Canceled: Practical Data Visualization with R


October 3, 2015
8:00am - Registration & Continental Breakfast
9:00am - 5:00pm Seminar


Constant Contact, Waltham, MA


$209 through September 10
$269 Sept. 11 - Sept. 22
$309 Sept. 23 - Oct. 2


Update: Seminar Cancelled

We regret that we have to cancel the Practical Data Visualization with R seminar scheduled for October 3, 2015.We hope to reschedule this seminar at a later date.

Back by Popular Demand!

In 2014 Robert Kabacoff delivered a GBC/ACM seminar on R. That seminar was a great introduction to R, focusing on learning R and applying it to Big Data Analytics. The attendees wanted more - specifically more on using R for data visualization, graphics, and presentations. Based on this demand, Dr. Kabacoff has agreed to deliver a follow-on workshop dedicated to visualization.

Examples of R output graphics

Visualization in R

Data visualization has become a central feature of modern data analysis. The R platform provides one of the most flexible and powerful platform for graphing data, understanding and evaluating statistical models, and communicating results to others.

This day-long workshop will provide practical review of R’s major graphing capabilities, including its base functionality and exciting new capabilities provided by add on packages (including ggplot2, ggvis, and rCharts).

If you are looking at this workshop, you probably have some data that you need to collect, summarize, transform, explore, model, visualize, or present. If so, then R is for you! R has become the world-wide language for statistics, predictive analytics, and data visualization. It offers the widest range of methodologies for understanding data, from the most basic to the most complex and bleeding edge.

R is a complete system. The first challenge with any analysis project is getting the data. R allows you to import data from a variety of sources and then clean, recode and restructure it. Note that in the real world the biggest challenge is making data usable – there are always issues with the data you have to work with!
After importing data, R has many functions for summarizing, modeling, analyzing and graphing data.

Statistical analysis tools include linear and nonlinear modeling, classical statistical test, time series analysis, classification, and clustering as well as other capabilities. Further, R can readily be extended through functions and extensions; the R community is well known for active contributions of many packages.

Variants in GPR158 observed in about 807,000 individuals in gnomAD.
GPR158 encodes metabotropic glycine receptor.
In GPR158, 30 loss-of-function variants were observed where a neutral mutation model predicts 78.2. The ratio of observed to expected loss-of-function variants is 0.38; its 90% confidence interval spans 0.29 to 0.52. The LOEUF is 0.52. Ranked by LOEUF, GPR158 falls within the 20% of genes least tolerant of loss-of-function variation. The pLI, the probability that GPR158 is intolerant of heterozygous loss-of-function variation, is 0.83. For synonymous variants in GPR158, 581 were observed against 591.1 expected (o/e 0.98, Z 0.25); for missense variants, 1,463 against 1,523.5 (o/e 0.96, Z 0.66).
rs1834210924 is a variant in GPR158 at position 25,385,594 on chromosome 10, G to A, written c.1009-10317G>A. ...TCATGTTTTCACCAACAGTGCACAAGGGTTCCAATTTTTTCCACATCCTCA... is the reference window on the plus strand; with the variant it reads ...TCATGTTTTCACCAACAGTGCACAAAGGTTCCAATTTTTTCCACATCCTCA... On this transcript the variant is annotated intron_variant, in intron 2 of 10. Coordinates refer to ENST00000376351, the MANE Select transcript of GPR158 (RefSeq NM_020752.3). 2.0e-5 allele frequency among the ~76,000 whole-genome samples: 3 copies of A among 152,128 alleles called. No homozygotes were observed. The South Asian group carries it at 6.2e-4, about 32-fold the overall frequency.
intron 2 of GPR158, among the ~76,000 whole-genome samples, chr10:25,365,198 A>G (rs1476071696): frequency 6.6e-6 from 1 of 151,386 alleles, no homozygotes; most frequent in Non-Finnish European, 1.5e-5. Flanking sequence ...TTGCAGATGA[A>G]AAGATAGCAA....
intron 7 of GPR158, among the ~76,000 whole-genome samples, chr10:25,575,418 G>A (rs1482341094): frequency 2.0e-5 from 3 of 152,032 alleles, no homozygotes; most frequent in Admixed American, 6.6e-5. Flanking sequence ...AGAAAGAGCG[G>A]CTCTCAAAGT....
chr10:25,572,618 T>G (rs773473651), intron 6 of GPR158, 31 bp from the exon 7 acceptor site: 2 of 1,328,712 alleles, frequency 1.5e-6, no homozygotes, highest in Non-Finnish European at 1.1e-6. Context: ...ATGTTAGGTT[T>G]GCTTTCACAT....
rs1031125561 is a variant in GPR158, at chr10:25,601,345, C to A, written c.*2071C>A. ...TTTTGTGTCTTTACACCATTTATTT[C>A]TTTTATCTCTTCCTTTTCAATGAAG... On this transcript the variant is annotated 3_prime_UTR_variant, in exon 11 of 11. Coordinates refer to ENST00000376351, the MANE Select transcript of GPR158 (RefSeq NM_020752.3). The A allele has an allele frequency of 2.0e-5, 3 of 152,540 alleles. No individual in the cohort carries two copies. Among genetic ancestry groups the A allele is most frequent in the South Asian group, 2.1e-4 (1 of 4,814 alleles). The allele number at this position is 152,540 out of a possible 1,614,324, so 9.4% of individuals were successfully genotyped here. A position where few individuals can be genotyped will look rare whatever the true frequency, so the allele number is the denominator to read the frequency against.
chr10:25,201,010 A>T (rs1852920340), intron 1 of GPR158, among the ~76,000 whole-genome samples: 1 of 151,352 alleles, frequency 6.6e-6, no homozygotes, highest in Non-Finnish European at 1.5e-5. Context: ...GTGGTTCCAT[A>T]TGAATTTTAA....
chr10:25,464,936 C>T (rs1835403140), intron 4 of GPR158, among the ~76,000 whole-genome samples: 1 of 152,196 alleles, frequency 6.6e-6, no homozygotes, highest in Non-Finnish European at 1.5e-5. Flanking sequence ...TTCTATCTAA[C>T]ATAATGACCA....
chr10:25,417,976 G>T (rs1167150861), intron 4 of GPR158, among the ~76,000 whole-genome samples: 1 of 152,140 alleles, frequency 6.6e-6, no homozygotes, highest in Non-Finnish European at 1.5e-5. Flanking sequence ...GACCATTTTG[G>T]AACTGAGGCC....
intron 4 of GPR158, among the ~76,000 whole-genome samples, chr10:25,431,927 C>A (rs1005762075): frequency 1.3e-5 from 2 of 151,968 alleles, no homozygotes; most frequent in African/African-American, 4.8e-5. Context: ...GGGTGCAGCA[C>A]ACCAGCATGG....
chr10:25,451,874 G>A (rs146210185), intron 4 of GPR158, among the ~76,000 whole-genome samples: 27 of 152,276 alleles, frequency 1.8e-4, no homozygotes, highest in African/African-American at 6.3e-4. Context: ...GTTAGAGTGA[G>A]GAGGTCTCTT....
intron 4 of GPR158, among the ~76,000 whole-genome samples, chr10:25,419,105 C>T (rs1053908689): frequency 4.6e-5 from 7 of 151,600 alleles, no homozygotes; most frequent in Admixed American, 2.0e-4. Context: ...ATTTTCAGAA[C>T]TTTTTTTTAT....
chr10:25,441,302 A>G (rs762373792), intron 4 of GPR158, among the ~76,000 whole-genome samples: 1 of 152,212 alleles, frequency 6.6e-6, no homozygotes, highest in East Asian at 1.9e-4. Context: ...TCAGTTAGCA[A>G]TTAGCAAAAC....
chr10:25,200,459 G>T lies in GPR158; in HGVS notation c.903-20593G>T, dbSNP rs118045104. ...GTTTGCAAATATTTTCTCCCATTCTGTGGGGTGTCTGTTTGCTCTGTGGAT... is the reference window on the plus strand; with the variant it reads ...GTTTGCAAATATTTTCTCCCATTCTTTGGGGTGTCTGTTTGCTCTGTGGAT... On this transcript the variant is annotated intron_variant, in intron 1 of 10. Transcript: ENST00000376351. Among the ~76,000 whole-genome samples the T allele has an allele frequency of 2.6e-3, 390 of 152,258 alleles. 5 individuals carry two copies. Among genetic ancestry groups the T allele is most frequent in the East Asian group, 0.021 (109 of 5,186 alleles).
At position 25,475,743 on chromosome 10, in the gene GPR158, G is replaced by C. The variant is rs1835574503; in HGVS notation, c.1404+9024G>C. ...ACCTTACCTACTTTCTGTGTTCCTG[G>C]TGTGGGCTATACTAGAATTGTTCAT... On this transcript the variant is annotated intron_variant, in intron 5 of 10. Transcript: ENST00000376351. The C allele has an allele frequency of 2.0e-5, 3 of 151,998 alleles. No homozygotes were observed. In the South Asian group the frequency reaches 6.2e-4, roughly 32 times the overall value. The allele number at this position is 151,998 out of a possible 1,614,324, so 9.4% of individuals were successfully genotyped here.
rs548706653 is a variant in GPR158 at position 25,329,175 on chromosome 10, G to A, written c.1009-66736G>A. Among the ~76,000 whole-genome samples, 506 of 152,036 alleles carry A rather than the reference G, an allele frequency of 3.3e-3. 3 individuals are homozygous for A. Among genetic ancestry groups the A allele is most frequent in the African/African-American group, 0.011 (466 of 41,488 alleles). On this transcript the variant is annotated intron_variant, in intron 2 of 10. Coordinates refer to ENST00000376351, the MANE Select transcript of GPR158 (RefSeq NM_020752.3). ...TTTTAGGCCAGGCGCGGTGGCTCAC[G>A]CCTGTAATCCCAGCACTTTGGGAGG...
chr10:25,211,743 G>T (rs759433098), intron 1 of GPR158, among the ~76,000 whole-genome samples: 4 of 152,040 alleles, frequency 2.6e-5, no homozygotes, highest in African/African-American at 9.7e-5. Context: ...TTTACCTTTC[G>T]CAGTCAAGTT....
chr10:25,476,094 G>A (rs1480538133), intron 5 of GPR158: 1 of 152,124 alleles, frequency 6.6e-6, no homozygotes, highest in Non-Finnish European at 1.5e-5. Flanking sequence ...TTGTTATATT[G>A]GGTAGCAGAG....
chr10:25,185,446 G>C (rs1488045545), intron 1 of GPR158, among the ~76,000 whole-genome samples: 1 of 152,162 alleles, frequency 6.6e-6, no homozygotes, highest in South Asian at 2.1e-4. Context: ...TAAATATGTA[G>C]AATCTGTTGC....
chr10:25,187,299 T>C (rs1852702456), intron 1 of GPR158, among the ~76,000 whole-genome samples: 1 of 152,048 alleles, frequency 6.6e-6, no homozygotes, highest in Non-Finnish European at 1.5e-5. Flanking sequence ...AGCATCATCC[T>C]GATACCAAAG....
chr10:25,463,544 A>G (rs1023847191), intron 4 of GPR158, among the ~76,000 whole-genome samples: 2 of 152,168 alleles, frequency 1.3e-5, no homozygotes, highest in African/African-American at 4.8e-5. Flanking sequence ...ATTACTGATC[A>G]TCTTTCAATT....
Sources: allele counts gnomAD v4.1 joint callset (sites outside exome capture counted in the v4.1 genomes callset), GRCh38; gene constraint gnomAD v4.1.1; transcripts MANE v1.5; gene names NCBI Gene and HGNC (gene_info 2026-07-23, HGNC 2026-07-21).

Finally, R has powerful visualization tools. These range from simple charts to publication quality graphs, through dynamic visualization, to interactive graphics. Visualization is key to successful data analytics – it helps the person doing the analysis to better understand the results and is an invaluable tool for explaining the results to others. This may well be the most important aspect of data analytics – providing information that can be used to make decisions.

Join us in this full day seminar and learn from one of the leading authorities on R.

In This Workshop

This workshop will provide a practical introduction to data visualization using R. The workshop will be highly practical and interactive. Participants are encouraged to bring a laptop and work through each of the examples as they are described.

Course Outline

I. Introduction – R basics; importing data; the base graphics system; creating univariate and multivariate plots; customizing plots (fonts, axes, grids, titles, labels, colors, symbols, legends); saving plots in various formats (e.g., pdf, svg, png, emf, jpeg).

II. Using ggplot2 – Creating sophisticated charts with the ggplot2 package; exploring complex data, customizing ggplot2 graphs.

III. Interactive Graphics – Visualizing data interactively; using the advanced capabilities of rCharts, googleVis and other packages. Creating visualizations for reports and websites.